A tabloid coup d'etat

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The Independent Online
IS FREEDOM of expression destroying democracy? I fear it may be, through certain forms which freedom of expression has been assuming in the technological and other conditions of the late 20th century.

Within Britain's mixed constitution, combining a hereditary and an elective principle, the destructive potential of the media in the late 20th century has been concentrated primarily on the hereditary aspect, by treating the Royal Family as a high-life soap opera, with plenty of sex interest. The destructive attentions of the media are a serious, if at present secondary, threat to the British constitution.

It is not self-evident that democracy in Britain would survive the removal of the constitutional monarchy, which is much older than the institutionalisation of the democratic principle. The armed forces are the forces of the Crown, and soldiers are apt to take such apparent archaisms more literally than politicians and other civilians. If the transition from constitutional monarchy to unqualified democracy should be attempted - at some time during the coming century - it could be a bumpier passage than might now be considered likely, and the outcome might not be a democratic one.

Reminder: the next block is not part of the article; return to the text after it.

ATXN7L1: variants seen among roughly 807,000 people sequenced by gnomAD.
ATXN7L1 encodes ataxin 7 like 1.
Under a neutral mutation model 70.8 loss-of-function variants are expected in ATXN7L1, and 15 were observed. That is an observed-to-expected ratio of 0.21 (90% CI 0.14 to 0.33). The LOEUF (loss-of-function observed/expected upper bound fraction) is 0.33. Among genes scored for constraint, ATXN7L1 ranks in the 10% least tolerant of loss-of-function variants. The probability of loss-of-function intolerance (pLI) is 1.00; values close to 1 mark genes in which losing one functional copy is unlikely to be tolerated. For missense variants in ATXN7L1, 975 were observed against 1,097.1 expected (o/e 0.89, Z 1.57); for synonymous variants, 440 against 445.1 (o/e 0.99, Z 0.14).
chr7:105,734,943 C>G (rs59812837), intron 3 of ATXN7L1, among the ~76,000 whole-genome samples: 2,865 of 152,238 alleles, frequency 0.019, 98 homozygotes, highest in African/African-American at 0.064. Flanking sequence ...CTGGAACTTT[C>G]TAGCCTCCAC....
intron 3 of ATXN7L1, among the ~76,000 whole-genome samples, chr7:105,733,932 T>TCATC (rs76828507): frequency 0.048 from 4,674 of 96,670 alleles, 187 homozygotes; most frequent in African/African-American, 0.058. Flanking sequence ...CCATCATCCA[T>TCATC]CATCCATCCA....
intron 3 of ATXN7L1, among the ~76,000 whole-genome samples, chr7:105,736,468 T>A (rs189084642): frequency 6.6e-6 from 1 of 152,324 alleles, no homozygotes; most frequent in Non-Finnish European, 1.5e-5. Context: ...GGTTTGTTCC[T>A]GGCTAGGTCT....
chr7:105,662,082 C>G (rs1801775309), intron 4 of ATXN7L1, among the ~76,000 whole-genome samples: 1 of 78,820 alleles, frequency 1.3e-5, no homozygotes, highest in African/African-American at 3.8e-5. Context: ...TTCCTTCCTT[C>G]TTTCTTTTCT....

It seems to be generally assumed that the constitutional monarchy is in no great danger. I think this is to underestimate the power of the forces of dissolution in society, which are being speeded up by modern communications. It is true that media coverage unfavourable to the Royal Family is nothing new. In the late 18th century, The Letters of Junius with their threats of sexual scandal, were felt by George III to be endangering his throne. But that threat was seen off: Philip Francis - aka 'Junius' - was bought off with a job in India. Later crises involving the monarchy and the media - including the Mrs Simpson crisis in 1936 - were also successfully handled, through exercises in damage-limitation.

Such exercises, however, are quite inadequate to cope with the late-20th-century threat to the monarchy posed by the tabloids. The present disorder is structural, deep-seated and probably irreparable. The personal lives of members of the Royal Family are standing commercial assets for the tabloids, which are being, and will continue to be, competitively exploited without mercy and without any limit in sight.

Modern technology - and in particular the use of long-range photography - make possible the invasion of what used to be called 'the private lives' of members of the Royal Family (and of other high-placed and vulnerable people) to an unprecedented extent. Even more ruthlessly invasive is the power represented by the financial resources, combined with the financial incentives, of the tabloids - and of book- publishing enterprises operating at tabloid level in relation to vulnerable members of the Royal Family.